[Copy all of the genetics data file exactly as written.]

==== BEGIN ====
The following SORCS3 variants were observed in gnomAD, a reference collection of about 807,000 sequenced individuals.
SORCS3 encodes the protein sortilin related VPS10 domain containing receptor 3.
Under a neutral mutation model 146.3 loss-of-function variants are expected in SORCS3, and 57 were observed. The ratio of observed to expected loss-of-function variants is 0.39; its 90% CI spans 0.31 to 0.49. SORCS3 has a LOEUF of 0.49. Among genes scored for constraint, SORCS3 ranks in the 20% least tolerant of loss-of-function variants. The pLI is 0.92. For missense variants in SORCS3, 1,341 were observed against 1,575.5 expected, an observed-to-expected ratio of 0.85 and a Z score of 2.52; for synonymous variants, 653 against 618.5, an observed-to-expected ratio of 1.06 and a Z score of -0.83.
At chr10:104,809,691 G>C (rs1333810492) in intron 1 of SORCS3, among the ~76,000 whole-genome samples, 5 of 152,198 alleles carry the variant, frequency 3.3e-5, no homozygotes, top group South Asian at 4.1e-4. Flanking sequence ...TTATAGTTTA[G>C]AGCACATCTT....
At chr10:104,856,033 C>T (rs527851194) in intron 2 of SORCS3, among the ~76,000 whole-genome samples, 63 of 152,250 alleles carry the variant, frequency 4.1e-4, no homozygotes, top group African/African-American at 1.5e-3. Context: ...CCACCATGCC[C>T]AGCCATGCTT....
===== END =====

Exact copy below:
The following SORCS3 variants were observed in gnomAD, a reference collection of about 807,000 sequenced individuals.
SORCS3 encodes the protein sortilin related VPS10 domain containing receptor 3.
Under a neutral mutation model 146.3 loss-of-function variants are expected in SORCS3, and 57 were observed. The ratio of observed to expected loss-of-function variants is 0.39; its 90% CI spans 0.31 to 0.49. SORCS3 has a LOEUF of 0.49. Among genes scored for constraint, SORCS3 ranks in the 20% least tolerant of loss-of-function variants. The pLI is 0.92. For missense variants in SORCS3, 1,341 were observed against 1,575.5 expected, an observed-to-expected ratio of 0.85 and a Z score of 2.52; for synonymous variants, 653 against 618.5, an observed-to-expected ratio of 1.06 and a Z score of -0.83.
At chr10:104,809,691 G>C (rs1333810492) in intron 1 of SORCS3, among the ~76,000 whole-genome samples, 5 of 152,198 alleles carry the variant, frequency 3.3e-5, no homozygotes, top group South Asian at 4.1e-4. Flanking sequence ...TTATAGTTTA[G>C]AGCACATCTT....
At chr10:104,856,033 C>T (rs527851194) in intron 2 of SORCS3, among the ~76,000 whole-genome samples, 63 of 152,250 alleles carry the variant, frequency 4.1e-4, no homozygotes, top group African/African-American at 1.5e-3. Context: ...CCACCATGCC[C>T]AGCCATGCTT....